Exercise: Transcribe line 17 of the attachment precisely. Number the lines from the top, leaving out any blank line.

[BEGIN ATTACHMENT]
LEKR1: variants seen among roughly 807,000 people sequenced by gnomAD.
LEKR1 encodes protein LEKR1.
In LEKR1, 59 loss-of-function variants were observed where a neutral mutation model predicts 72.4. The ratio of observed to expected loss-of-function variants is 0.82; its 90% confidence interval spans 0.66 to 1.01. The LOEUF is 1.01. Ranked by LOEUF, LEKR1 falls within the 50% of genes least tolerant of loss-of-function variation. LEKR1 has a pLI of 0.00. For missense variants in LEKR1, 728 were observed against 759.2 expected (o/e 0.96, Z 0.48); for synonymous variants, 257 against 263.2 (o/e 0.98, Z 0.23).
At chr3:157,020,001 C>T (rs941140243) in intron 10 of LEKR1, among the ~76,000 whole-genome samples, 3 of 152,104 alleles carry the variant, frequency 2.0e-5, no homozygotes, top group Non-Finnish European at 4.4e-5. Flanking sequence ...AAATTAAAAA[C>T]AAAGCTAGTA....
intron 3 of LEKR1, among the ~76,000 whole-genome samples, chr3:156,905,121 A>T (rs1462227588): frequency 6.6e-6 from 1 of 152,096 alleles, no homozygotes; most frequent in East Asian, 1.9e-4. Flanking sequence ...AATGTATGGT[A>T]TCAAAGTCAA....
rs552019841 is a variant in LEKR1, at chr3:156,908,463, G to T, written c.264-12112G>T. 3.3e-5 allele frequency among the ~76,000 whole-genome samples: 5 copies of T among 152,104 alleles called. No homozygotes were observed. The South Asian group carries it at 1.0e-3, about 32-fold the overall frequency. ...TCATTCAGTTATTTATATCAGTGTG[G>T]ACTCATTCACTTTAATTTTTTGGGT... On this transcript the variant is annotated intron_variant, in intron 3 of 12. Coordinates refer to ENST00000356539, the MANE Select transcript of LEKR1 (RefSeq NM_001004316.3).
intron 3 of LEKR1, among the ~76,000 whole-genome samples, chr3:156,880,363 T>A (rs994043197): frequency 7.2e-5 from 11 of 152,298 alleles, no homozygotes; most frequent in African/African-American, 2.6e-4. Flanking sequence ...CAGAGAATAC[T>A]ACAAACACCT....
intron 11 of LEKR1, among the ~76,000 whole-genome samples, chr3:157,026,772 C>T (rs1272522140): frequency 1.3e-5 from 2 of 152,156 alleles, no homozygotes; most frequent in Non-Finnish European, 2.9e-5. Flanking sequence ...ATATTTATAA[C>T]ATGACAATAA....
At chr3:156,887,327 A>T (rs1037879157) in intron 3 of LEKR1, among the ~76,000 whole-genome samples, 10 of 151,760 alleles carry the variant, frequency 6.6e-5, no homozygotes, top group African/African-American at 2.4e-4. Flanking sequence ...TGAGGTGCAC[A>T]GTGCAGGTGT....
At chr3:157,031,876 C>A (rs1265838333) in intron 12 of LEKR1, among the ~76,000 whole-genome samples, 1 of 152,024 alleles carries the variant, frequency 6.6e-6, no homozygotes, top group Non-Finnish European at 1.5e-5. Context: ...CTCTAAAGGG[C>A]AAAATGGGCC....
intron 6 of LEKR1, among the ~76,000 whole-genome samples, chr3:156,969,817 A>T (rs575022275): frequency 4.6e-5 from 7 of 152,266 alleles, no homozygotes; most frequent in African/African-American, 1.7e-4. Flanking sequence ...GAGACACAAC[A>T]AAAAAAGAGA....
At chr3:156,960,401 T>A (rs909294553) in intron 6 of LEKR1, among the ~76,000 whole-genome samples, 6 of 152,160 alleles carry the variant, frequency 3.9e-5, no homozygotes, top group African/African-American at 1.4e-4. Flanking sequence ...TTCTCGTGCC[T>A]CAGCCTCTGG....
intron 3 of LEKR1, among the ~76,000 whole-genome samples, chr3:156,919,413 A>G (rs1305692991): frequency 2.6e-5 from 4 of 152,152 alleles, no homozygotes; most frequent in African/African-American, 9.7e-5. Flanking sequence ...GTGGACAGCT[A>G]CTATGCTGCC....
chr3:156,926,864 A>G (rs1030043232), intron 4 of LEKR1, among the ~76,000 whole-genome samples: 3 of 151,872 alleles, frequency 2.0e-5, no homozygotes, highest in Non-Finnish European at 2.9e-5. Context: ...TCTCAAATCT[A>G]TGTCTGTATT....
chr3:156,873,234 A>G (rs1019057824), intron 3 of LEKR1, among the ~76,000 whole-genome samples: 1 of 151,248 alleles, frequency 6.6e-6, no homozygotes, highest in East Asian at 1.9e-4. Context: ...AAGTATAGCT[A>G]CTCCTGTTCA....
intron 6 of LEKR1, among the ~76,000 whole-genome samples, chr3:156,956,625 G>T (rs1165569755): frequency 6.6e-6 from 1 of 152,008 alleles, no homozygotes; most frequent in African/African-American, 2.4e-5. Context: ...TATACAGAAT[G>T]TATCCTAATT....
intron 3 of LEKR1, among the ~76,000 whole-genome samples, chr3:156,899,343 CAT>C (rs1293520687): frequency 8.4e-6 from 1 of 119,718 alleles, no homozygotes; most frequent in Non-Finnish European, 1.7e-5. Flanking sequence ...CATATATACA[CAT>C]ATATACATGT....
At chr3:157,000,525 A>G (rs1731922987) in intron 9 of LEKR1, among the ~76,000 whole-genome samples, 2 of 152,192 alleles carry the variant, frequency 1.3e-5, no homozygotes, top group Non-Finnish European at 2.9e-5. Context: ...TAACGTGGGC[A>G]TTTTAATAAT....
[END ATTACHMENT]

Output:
intron 3 of LEKR1, among the ~76,000 whole-genome samples, chr3:156,899,343 CAT>C (rs1293520687): frequency 8.4e-6 from 1 of 119,718 alleles, no homozygotes; most frequent in Non-Finnish European, 1.7e-5. Flanking sequence ...CATATATACA[CAT>C]ATATACATGT....